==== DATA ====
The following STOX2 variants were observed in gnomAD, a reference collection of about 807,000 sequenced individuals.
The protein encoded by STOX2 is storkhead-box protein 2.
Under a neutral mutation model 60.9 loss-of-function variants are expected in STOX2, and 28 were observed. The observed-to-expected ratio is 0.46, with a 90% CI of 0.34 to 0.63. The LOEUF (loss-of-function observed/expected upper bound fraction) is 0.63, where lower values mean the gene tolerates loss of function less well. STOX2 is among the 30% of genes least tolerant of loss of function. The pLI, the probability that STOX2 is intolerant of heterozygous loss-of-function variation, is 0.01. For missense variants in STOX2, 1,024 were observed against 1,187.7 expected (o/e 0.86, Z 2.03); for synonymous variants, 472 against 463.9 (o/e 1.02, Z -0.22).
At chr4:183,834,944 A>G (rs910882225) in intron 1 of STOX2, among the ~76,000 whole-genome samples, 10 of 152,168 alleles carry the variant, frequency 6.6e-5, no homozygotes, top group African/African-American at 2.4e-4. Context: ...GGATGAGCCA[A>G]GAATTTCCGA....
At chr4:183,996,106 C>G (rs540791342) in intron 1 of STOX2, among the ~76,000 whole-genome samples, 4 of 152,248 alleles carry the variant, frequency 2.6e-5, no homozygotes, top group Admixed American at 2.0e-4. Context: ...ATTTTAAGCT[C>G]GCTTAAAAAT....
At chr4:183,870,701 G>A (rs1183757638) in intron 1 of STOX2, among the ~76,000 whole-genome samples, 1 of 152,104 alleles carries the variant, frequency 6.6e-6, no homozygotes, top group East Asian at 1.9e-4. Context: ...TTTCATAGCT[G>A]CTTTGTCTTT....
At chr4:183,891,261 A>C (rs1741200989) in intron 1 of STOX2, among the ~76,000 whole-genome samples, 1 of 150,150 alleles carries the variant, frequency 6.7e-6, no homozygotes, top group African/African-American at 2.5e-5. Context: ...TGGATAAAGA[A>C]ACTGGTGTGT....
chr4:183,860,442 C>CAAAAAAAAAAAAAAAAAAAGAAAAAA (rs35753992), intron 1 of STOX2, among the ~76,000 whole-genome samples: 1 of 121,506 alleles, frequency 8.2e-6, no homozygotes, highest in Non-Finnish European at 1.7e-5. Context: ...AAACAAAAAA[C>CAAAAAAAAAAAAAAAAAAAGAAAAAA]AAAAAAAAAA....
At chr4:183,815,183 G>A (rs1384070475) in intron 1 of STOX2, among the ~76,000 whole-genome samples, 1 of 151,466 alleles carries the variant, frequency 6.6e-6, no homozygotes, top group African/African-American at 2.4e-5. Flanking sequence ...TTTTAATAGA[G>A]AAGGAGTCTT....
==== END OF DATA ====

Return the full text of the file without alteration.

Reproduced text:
The following STOX2 variants were observed in gnomAD, a reference collection of about 807,000 sequenced individuals.
The protein encoded by STOX2 is storkhead-box protein 2.
Under a neutral mutation model 60.9 loss-of-function variants are expected in STOX2, and 28 were observed. The observed-to-expected ratio is 0.46, with a 90% CI of 0.34 to 0.63. The LOEUF (loss-of-function observed/expected upper bound fraction) is 0.63, where lower values mean the gene tolerates loss of function less well. STOX2 is among the 30% of genes least tolerant of loss of function. The pLI, the probability that STOX2 is intolerant of heterozygous loss-of-function variation, is 0.01. For missense variants in STOX2, 1,024 were observed against 1,187.7 expected (o/e 0.86, Z 2.03); for synonymous variants, 472 against 463.9 (o/e 1.02, Z -0.22).
At chr4:183,834,944 A>G (rs910882225) in intron 1 of STOX2, among the ~76,000 whole-genome samples, 10 of 152,168 alleles carry the variant, frequency 6.6e-5, no homozygotes, top group African/African-American at 2.4e-4. Context: ...GGATGAGCCA[A>G]GAATTTCCGA....
At chr4:183,996,106 C>G (rs540791342) in intron 1 of STOX2, among the ~76,000 whole-genome samples, 4 of 152,248 alleles carry the variant, frequency 2.6e-5, no homozygotes, top group Admixed American at 2.0e-4. Context: ...ATTTTAAGCT[C>G]GCTTAAAAAT....
At chr4:183,870,701 G>A (rs1183757638) in intron 1 of STOX2, among the ~76,000 whole-genome samples, 1 of 152,104 alleles carries the variant, frequency 6.6e-6, no homozygotes, top group East Asian at 1.9e-4. Context: ...TTTCATAGCT[G>A]CTTTGTCTTT....
At chr4:183,891,261 A>C (rs1741200989) in intron 1 of STOX2, among the ~76,000 whole-genome samples, 1 of 150,150 alleles carries the variant, frequency 6.7e-6, no homozygotes, top group African/African-American at 2.5e-5. Context: ...TGGATAAAGA[A>C]ACTGGTGTGT....
chr4:183,860,442 C>CAAAAAAAAAAAAAAAAAAAGAAAAAA (rs35753992), intron 1 of STOX2, among the ~76,000 whole-genome samples: 1 of 121,506 alleles, frequency 8.2e-6, no homozygotes, highest in Non-Finnish European at 1.7e-5. Context: ...AAACAAAAAA[C>CAAAAAAAAAAAAAAAAAAAGAAAAAA]AAAAAAAAAA....
At chr4:183,815,183 G>A (rs1384070475) in intron 1 of STOX2, among the ~76,000 whole-genome samples, 1 of 151,466 alleles carries the variant, frequency 6.6e-6, no homozygotes, top group African/African-American at 2.4e-5. Flanking sequence ...TTTTAATAGA[G>A]AAGGAGTCTT....